Skip to main content

Alert COVID-19

Please find service updates and current visiting rules in our COVID-19 section.

This site is best viewed with a modern browser. You appear to be using an old version of Internet Explorer.

Oxford Headache Centre referrals

The Oxford Headache Centre is a multidisciplinary team for helping people with difficult headaches.

The following clinicians are responsible for headache services at the John Radcliffe Hospital.

Consultant Neurologists

  • Professor Zameel Cader
  • Dr Ben Wakerley

Consultant Neurosurgeons

  • Mr Alex Green
  • Professor Tipu Aziz
  • Professor James FitzGerald
  • Mr Sanjeeva Jeyaretna

Specialist Nurses

Kally Patel

Specialist Physiotherapist

Sarah Haynes

Who to refer to the Oxford Headache Centre

If you have patients with difficult-to-treat headache, or a rare headache type, then we would be able to see them.

This might include:

  • Refractory Headaches
  • Chronic Headaches
  • Cluster Headache
  • Trigeminal Autonomic Cephalalgias
  • Idiopathic Intracranial Hypertension

To make an appointment with the Oxford Headache Centre, please use e-Referral.

If your patient would like to be seen privately, please contact:

For advice or to discuss a patient

You can book a telephone slot to speak with Professor Cader on a Tuesday morning.


Will my patient need a scan?

Most headaches do not have a sinister cause, and most patients with headache will not need a scan. They should not be requested to alleviate anxiety.

Headaches are not a good predictor of whether someone has a brain tumour.

Getting a scan can also result in further problems and anxiety, if an incidental finding is identified.

A brain scan should therefore only be considered if there is significant suspicion of secondary cause or the patient is in a vulnerable group (e.g. immunocompromised, very young, previous history of malignancy).

If you think your patient may have a secondary headache, please refer as described below. Further guidance is available from NICE:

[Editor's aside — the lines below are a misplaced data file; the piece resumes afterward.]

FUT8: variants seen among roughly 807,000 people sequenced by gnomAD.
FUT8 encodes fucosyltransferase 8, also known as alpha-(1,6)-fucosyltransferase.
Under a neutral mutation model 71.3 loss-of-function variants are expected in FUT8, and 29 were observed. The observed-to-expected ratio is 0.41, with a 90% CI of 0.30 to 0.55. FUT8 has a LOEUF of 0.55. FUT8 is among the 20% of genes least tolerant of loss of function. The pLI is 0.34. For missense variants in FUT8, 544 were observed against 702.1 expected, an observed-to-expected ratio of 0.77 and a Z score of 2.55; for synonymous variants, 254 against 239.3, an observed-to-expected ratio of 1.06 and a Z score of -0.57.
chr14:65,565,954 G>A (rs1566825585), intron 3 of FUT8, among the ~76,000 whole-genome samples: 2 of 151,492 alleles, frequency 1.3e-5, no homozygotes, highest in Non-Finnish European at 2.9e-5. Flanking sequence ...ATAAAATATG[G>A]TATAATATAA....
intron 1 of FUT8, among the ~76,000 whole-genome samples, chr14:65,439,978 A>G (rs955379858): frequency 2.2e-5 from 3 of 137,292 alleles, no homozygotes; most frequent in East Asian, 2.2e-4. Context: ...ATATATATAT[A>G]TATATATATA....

Consider referral to Emergency Department or Emergency Medical Team

  • Sudden severe headache (like a 'thunderclap', peaking within five minutes) - could this be subarachnoid haemorrhage?
  • Headache with an impaired level of consciousness.
  • Worsening headache with fever or rash - could this be meningitis?
  • New headache in someone over the age of 50 years and features such as jaw claudication, visual symptoms, scalp tenderness - could this be Giant Cell Arteritis?
    • Start Prednisolone 40-60 mg
    • Check ESR
    • If visual symptoms (e.g. amarosis fugax) refer to Eye Casualty
    • Refer to Rheumatology for biopsy and further advice

Refer to General Neurology

  • New onset headache with associated neurological deficits, cognitive changes or personality changes.
  • New onset headache in someone over the age of 50 years.
  • Headache that changes with posture.
  • Headache triggered by exercise, cough, sneeze.
  • Coital headaches.
  • A previous history of malignancy.
  • A new headache in someone with compromised immunity (e.g. HIV).

Managing headaches in the community

Most headaches you see in your practice will be a primary headache disorder, and most of these will be migraine.

If you have excluded red flag features, then a presumptive diagnosis of migraine is a good place to start.


  • Moderate-severe intensity.
  • Disruptive of day-to-day life.
  • Associated features such as nausea, photophobia and phonophobia.

Acute migraine treatment

  • NSAID e.g. ibuprofen 600 mg; Aspirin 900 mg; Paracetamol 1 g
  • Triptans e.g. sumatriptan 50 mg, zolmatriptan 5 mg nasal spray

Should be taken as soon as possible after start of migraine headache.

Preventative migraine treatment:

  • Beta-blocker (e.g. propranolol 80 mg daily)
  • Tricyclic (e.g. Amitriptyline 20 mg daily)
  • Topiramte (start 25 mg daily and increase to 50-100 mg daily)

These drugs will take up to eight weeks before an effect is noticeable.

The aim should be a 50 percent reduction in headache frequency and/or severity.

Analgesic overuse

AVOID OPIATE ANALGESICS (e.g. codeine, tramadol) for headaches.

Any analgesic, including paracetamol, if used on more than 15 days per month can lead to analgesic overuse and a worsening/chronification of headaches. It can make headaches refractory to preventative treatments.

Opiates and triptans can cause this problem if taken on more than 10 days per month.

Please advise your patients about the risk of analgesic overuse.